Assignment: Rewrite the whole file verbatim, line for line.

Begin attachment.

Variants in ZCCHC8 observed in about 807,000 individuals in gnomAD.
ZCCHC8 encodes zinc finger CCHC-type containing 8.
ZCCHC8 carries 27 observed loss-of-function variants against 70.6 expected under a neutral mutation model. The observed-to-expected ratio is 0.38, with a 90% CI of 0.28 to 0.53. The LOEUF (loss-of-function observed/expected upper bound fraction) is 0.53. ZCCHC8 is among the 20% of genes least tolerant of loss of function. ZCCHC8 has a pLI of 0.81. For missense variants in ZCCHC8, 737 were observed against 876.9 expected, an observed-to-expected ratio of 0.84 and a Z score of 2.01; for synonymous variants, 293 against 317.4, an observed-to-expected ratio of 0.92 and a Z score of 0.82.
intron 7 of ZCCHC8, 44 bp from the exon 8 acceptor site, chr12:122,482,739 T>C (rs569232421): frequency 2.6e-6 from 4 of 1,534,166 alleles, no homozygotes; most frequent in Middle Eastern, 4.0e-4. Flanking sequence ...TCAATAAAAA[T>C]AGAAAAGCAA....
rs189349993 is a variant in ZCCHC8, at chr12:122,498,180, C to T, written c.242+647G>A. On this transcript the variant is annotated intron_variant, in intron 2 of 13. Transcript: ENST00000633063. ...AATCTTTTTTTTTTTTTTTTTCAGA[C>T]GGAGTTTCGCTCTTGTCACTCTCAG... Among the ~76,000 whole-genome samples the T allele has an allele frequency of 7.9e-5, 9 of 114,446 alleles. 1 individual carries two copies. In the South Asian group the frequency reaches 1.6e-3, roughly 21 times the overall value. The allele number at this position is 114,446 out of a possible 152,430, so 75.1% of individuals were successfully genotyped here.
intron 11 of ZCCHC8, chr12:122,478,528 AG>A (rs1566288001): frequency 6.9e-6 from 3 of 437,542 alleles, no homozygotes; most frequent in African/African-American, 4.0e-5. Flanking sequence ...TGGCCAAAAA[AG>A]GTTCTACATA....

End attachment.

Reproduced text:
Variants in ZCCHC8 observed in about 807,000 individuals in gnomAD.
ZCCHC8 encodes zinc finger CCHC-type containing 8.
ZCCHC8 carries 27 observed loss-of-function variants against 70.6 expected under a neutral mutation model. The observed-to-expected ratio is 0.38, with a 90% CI of 0.28 to 0.53. The LOEUF (loss-of-function observed/expected upper bound fraction) is 0.53. ZCCHC8 is among the 20% of genes least tolerant of loss of function. ZCCHC8 has a pLI of 0.81. For missense variants in ZCCHC8, 737 were observed against 876.9 expected, an observed-to-expected ratio of 0.84 and a Z score of 2.01; for synonymous variants, 293 against 317.4, an observed-to-expected ratio of 0.92 and a Z score of 0.82.
intron 7 of ZCCHC8, 44 bp from the exon 8 acceptor site, chr12:122,482,739 T>C (rs569232421): frequency 2.6e-6 from 4 of 1,534,166 alleles, no homozygotes; most frequent in Middle Eastern, 4.0e-4. Flanking sequence ...TCAATAAAAA[T>C]AGAAAAGCAA....
rs189349993 is a variant in ZCCHC8, at chr12:122,498,180, C to T, written c.242+647G>A. On this transcript the variant is annotated intron_variant, in intron 2 of 13. Transcript: ENST00000633063. ...AATCTTTTTTTTTTTTTTTTTCAGA[C>T]GGAGTTTCGCTCTTGTCACTCTCAG... Among the ~76,000 whole-genome samples the T allele has an allele frequency of 7.9e-5, 9 of 114,446 alleles. 1 individual carries two copies. In the South Asian group the frequency reaches 1.6e-3, roughly 21 times the overall value. The allele number at this position is 114,446 out of a possible 152,430, so 75.1% of individuals were successfully genotyped here.
intron 11 of ZCCHC8, chr12:122,478,528 AG>A (rs1566288001): frequency 6.9e-6 from 3 of 437,542 alleles, no homozygotes; most frequent in African/African-American, 4.0e-5. Flanking sequence ...TGGCCAAAAA[AG>A]GTTCTACATA....